The Lancet Declared 20Kg Weight Loss Could Reverse Type 2 Diabetes. Is It A Rumor ?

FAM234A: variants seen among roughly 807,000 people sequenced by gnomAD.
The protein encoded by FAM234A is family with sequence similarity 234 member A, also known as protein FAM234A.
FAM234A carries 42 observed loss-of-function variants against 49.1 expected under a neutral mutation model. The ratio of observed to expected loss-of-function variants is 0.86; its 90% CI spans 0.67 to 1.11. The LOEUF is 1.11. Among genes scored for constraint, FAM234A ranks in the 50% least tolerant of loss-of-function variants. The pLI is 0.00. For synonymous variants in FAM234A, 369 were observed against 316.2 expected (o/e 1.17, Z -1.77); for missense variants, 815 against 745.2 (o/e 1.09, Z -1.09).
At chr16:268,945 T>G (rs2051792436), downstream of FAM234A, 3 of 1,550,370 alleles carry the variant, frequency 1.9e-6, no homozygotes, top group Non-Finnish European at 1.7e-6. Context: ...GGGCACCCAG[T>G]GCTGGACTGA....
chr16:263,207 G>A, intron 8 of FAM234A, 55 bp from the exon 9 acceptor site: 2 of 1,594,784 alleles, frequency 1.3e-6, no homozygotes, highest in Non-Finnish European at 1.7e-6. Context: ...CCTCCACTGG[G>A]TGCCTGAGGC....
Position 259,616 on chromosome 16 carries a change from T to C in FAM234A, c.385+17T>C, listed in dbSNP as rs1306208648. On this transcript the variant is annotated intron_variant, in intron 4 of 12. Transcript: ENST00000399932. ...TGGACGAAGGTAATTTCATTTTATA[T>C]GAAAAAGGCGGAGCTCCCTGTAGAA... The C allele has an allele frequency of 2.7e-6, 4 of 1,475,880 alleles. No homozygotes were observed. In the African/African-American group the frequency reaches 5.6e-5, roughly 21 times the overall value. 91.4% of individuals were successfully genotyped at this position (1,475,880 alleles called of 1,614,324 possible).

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A recent research theory from the top medical journal The Lancet shows a successful reversal of type 2 diabetes by dieting to lose weight, making it a milestone in diabetes research. Participants there spent almost 5 months eating low-calorie soups and milkshakes for losing weight. In the end, nearly half of them successfully reversed type 2 diabetes. The 65-Year-old Isobel Murray is one of them. She has lost more than 25 kilograms of her weight in the trial, and now no longer needs diabetes drugs. "I finally got my life back." Now, I don't even think of myself as a diabetic. Isobel says. In fact, Ms. Isobel's blood sugar levels had been very high before the trial, and every time she went to the doctor, she was told to increase her medication. After joining the trial, she insisted on a 17-week full liquid diet (all-liquid diet). Specifically, eat 4 liquid meals a day. This liquid meal contains only about 200 calories but with balanced nutrition. After persisting for some time, once the weight is reduced, the dietary specialist will join a healthy solid diet.   Studies have confirmed that the remission of type 2 diabetes is more prevalent among participants who lose more weight, as follows: --Weight gain group: 0% of people were relieved (0/76 participants) --Weight loss 0-5 kg Group: 7% of people get Relief (6/89 participants) --Weight loss 5-10 kg Group: 34% of people get Relief (19/56 participants) --Weight Loss 10-15kg group: 57% of people get relieved (16/28 participants) --Weight loss more than kg group: 86% of people get Relief (31/36 participants) In conclusion, the study confirms the possibility of a type 2 diabetes alleviation through weight management. The UK charity, known as Diabetes UK, believes the experiment is a milestone that could help countless diabetics. The authors believe their findings pave the way for a "diet weight reduction" intervention to achieve type 2 diabetes relief. Furthermore, it is worth mentioning that the experiment is still under way to investigate the long-term impact of such interventions.   Related FAQ: